Kentucky political races court the basketball vote

Updated: October 28, 2003, 9:05 PM ET
ESPN

LOUISVILLE, Ky. -- In Kentucky, where basketball reigns, politicians are courting voters by playing on their passion for the sport.

Both candidates for governor have recruited past players or coaches from the University of Kentucky, which has won seven national titles. And the former Wildcats have barnstormed the state for their candidates.

Even former coach Rick Pitino -- now with the University of Louisville -- has been in on the act, attending fund-raisers for Democratic gubernatorial candidate Ben Chandler and Republican Richie Farmer, a former Wildcat running for agriculture commissioner.

The basketball angle is most obvious in Farmer's race against Democrat Alice Baesler, whose husband, Scotty, was a Wildcat team captain for Adolph Rupp in the early 1960s and was later elected mayor of Lexington, then a congressman.

Farmer himself played on a Kentucky team of beloved overachievers who lost in overtime to Duke in a 1992 NCAA tournament game considered one of the best college games ever. His campaign signs show a basketball and a hoop.

Steve Robertson, campaign director for the state GOP, said Farmer has been approached by many people on the campaign trail who thank him for the enjoyment he gave them while wearing the Kentucky jersey.

Alice Baesler said Farmer "is a nice guy and was a good ballplayer but really does not know a whole lot about agriculture."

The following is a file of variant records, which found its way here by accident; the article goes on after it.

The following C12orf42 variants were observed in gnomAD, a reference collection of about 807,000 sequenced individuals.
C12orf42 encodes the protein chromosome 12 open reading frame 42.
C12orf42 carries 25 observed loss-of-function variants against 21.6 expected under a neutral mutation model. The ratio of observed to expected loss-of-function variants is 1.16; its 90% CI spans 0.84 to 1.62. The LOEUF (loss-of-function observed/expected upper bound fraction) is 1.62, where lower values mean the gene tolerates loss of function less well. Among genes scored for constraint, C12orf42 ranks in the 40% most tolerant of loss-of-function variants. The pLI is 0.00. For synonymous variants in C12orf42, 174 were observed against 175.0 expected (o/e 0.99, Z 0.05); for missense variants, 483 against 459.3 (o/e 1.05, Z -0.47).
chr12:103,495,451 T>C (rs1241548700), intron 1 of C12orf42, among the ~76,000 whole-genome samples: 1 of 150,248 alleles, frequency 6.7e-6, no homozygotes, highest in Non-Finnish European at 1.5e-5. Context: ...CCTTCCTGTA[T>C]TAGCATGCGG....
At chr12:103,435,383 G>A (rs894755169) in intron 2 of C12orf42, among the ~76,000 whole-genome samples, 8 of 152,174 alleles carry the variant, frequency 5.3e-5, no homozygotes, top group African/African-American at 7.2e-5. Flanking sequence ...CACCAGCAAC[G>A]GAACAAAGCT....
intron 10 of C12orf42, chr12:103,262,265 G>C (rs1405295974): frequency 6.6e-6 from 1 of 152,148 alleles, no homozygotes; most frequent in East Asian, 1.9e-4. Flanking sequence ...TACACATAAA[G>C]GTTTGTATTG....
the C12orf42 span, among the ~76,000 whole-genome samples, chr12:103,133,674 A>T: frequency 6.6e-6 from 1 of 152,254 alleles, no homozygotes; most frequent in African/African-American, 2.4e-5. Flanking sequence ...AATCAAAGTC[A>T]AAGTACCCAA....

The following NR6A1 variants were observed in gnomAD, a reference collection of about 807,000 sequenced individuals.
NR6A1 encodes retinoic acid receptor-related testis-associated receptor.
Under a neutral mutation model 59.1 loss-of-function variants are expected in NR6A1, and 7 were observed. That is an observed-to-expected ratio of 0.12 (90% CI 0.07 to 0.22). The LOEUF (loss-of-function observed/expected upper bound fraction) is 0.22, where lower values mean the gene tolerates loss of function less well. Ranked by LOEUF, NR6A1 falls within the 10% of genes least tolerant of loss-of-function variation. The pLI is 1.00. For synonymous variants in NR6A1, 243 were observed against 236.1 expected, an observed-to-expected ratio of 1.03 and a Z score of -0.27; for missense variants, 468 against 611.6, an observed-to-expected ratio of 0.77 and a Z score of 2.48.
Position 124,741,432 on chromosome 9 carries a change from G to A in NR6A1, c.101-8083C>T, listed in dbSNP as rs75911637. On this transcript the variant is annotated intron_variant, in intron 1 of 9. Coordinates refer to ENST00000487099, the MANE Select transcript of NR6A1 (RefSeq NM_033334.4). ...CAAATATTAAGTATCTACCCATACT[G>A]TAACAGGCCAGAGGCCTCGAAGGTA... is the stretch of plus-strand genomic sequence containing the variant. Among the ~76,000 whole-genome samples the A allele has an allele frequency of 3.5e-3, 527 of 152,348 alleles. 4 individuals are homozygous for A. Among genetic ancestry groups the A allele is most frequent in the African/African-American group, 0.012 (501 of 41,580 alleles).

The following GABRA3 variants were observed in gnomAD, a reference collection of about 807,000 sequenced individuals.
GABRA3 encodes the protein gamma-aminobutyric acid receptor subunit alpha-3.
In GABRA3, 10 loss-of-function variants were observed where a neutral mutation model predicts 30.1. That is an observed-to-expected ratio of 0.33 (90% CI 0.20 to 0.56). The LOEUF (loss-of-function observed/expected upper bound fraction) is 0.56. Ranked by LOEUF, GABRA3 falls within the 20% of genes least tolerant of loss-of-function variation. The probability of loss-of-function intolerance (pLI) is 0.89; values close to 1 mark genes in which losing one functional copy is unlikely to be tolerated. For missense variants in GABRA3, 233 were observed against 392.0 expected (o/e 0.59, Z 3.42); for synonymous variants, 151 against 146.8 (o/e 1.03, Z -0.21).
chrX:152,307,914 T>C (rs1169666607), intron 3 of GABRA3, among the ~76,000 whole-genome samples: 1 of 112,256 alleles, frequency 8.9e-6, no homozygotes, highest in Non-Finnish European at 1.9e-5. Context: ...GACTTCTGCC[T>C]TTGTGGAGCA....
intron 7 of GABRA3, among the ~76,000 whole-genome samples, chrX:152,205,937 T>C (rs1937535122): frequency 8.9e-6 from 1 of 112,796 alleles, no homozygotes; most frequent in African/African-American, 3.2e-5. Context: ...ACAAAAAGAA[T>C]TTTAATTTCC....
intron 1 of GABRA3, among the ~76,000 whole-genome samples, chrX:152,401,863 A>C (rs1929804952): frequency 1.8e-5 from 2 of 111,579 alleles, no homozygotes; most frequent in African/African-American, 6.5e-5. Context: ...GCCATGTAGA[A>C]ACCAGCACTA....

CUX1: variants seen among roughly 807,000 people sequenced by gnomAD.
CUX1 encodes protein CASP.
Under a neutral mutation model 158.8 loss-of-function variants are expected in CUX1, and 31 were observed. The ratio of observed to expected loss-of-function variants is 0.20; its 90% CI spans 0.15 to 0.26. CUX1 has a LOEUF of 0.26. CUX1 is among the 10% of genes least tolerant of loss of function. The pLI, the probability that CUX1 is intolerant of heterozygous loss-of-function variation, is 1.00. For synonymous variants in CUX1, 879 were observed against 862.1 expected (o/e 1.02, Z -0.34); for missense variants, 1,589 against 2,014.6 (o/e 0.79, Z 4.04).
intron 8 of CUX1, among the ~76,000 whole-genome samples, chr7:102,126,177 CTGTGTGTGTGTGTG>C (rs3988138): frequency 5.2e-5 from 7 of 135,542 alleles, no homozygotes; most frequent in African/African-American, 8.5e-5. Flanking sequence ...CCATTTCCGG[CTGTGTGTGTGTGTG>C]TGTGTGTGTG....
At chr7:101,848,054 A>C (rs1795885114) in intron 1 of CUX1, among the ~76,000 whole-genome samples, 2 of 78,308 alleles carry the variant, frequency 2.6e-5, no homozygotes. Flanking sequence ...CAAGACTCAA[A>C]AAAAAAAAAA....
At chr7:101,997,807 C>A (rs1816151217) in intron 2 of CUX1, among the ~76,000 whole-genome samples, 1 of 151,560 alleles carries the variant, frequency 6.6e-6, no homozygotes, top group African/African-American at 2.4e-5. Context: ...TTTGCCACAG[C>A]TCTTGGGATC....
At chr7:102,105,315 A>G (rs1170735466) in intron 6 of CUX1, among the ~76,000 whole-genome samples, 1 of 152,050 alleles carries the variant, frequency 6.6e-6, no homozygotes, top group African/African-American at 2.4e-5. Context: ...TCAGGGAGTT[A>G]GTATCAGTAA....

"As I try to tell a lot of people, this isn't a basketball game," she said.

Joe Gershtenson, director of the Center for Kentucky History and Politics at Eastern Kentucky University, said the basketball connection could mobilize voters and increase turnout.

"To the extent that it gets people involved that normally wouldn't be involved, I think this is something that is beneficial to democracy," he said.

In the Nov. 4 governor's race, Chandler has attracted such basketball figures as Joe B. Hall, the coach who led the Wildcats to the 1978 national championship. In one of his TV commercials, Chandler, the state attorney general, sinks a jump shot to make the point that he is a "straight shooter."

Chandler's Republican opponent, Rep. Ernie Fletcher, has former Wildcat J.P. Blevins, a sharpshooting guard, on his campaign team.

And what if the governor's race came down to a game of one-on-one?

Chandler boasted he could beat Fletcher with ease: "I've got several inches on him. I can take him inside."

This story is from ESPN.com's automated news wire. Wire index

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